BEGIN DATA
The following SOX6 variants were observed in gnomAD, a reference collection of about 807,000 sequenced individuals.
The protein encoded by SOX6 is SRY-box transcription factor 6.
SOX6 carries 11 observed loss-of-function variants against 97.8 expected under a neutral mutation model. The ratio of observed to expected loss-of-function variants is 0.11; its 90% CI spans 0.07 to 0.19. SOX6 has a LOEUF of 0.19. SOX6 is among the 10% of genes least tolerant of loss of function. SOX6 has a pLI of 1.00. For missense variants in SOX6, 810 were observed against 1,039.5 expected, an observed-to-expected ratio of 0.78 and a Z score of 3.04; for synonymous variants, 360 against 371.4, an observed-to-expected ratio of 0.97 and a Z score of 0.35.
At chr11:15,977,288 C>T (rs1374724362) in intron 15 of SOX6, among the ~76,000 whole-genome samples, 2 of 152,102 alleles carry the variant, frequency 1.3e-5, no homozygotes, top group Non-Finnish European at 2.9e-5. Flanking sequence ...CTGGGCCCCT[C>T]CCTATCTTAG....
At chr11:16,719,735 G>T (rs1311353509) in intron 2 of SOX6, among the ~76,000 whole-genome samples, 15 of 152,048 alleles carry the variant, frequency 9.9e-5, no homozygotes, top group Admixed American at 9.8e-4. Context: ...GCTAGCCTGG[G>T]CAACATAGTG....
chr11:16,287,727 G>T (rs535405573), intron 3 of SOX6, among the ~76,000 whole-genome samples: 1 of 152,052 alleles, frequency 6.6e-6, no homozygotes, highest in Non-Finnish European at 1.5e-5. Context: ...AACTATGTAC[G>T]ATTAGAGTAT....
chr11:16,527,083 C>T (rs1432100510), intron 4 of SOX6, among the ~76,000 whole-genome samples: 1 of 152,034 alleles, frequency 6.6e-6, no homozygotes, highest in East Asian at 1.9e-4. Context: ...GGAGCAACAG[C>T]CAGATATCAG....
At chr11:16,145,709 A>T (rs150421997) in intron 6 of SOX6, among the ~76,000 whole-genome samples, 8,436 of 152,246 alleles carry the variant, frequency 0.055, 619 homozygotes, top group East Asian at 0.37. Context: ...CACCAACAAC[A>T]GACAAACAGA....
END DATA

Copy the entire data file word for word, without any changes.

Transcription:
The following SOX6 variants were observed in gnomAD, a reference collection of about 807,000 sequenced individuals.
The protein encoded by SOX6 is SRY-box transcription factor 6.
SOX6 carries 11 observed loss-of-function variants against 97.8 expected under a neutral mutation model. The ratio of observed to expected loss-of-function variants is 0.11; its 90% CI spans 0.07 to 0.19. SOX6 has a LOEUF of 0.19. SOX6 is among the 10% of genes least tolerant of loss of function. SOX6 has a pLI of 1.00. For missense variants in SOX6, 810 were observed against 1,039.5 expected, an observed-to-expected ratio of 0.78 and a Z score of 3.04; for synonymous variants, 360 against 371.4, an observed-to-expected ratio of 0.97 and a Z score of 0.35.
At chr11:15,977,288 C>T (rs1374724362) in intron 15 of SOX6, among the ~76,000 whole-genome samples, 2 of 152,102 alleles carry the variant, frequency 1.3e-5, no homozygotes, top group Non-Finnish European at 2.9e-5. Flanking sequence ...CTGGGCCCCT[C>T]CCTATCTTAG....
At chr11:16,719,735 G>T (rs1311353509) in intron 2 of SOX6, among the ~76,000 whole-genome samples, 15 of 152,048 alleles carry the variant, frequency 9.9e-5, no homozygotes, top group Admixed American at 9.8e-4. Context: ...GCTAGCCTGG[G>T]CAACATAGTG....
chr11:16,287,727 G>T (rs535405573), intron 3 of SOX6, among the ~76,000 whole-genome samples: 1 of 152,052 alleles, frequency 6.6e-6, no homozygotes, highest in Non-Finnish European at 1.5e-5. Context: ...AACTATGTAC[G>T]ATTAGAGTAT....
chr11:16,527,083 C>T (rs1432100510), intron 4 of SOX6, among the ~76,000 whole-genome samples: 1 of 152,034 alleles, frequency 6.6e-6, no homozygotes, highest in East Asian at 1.9e-4. Context: ...GGAGCAACAG[C>T]CAGATATCAG....
At chr11:16,145,709 A>T (rs150421997) in intron 6 of SOX6, among the ~76,000 whole-genome samples, 8,436 of 152,246 alleles carry the variant, frequency 0.055, 619 homozygotes, top group East Asian at 0.37. Context: ...CACCAACAAC[A>T]GACAAACAGA....